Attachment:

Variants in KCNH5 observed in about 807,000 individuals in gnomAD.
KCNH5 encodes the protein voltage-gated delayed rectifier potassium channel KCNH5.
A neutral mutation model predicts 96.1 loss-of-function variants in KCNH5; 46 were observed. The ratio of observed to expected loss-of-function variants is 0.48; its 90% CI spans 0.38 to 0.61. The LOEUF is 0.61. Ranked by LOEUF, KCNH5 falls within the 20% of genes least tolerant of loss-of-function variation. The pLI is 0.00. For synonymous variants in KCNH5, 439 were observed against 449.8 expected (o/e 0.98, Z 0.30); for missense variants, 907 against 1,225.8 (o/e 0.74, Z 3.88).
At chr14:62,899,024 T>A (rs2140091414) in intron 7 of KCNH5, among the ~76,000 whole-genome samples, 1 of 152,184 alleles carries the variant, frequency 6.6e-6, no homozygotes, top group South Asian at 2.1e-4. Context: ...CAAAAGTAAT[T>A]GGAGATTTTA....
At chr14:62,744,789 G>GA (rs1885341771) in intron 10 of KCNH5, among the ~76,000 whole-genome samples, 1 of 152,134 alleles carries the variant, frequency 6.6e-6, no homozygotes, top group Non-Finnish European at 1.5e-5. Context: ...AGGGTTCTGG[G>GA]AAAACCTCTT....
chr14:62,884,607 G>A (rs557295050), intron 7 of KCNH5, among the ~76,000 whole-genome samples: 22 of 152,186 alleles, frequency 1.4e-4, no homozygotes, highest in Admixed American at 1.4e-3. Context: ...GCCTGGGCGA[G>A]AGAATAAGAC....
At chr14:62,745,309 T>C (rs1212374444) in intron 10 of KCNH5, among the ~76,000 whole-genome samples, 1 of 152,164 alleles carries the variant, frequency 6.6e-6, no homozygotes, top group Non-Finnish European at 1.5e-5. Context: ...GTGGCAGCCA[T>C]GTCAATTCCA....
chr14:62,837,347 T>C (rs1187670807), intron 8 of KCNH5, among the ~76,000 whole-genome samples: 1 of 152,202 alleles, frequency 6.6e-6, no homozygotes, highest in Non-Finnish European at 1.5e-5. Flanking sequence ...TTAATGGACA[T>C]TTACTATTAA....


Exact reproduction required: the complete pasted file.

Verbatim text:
Variants in KCNH5 observed in about 807,000 individuals in gnomAD.
KCNH5 encodes the protein voltage-gated delayed rectifier potassium channel KCNH5.
A neutral mutation model predicts 96.1 loss-of-function variants in KCNH5; 46 were observed. The ratio of observed to expected loss-of-function variants is 0.48; its 90% CI spans 0.38 to 0.61. The LOEUF is 0.61. Ranked by LOEUF, KCNH5 falls within the 20% of genes least tolerant of loss-of-function variation. The pLI is 0.00. For synonymous variants in KCNH5, 439 were observed against 449.8 expected (o/e 0.98, Z 0.30); for missense variants, 907 against 1,225.8 (o/e 0.74, Z 3.88).
At chr14:62,899,024 T>A (rs2140091414) in intron 7 of KCNH5, among the ~76,000 whole-genome samples, 1 of 152,184 alleles carries the variant, frequency 6.6e-6, no homozygotes, top group South Asian at 2.1e-4. Context: ...CAAAAGTAAT[T>A]GGAGATTTTA....
At chr14:62,744,789 G>GA (rs1885341771) in intron 10 of KCNH5, among the ~76,000 whole-genome samples, 1 of 152,134 alleles carries the variant, frequency 6.6e-6, no homozygotes, top group Non-Finnish European at 1.5e-5. Context: ...AGGGTTCTGG[G>GA]AAAACCTCTT....
chr14:62,884,607 G>A (rs557295050), intron 7 of KCNH5, among the ~76,000 whole-genome samples: 22 of 152,186 alleles, frequency 1.4e-4, no homozygotes, highest in Admixed American at 1.4e-3. Context: ...GCCTGGGCGA[G>A]AGAATAAGAC....
At chr14:62,745,309 T>C (rs1212374444) in intron 10 of KCNH5, among the ~76,000 whole-genome samples, 1 of 152,164 alleles carries the variant, frequency 6.6e-6, no homozygotes, top group Non-Finnish European at 1.5e-5. Context: ...GTGGCAGCCA[T>C]GTCAATTCCA....
chr14:62,837,347 T>C (rs1187670807), intron 8 of KCNH5, among the ~76,000 whole-genome samples: 1 of 152,202 alleles, frequency 6.6e-6, no homozygotes, highest in Non-Finnish European at 1.5e-5. Flanking sequence ...TTAATGGACA[T>C]TTACTATTAA....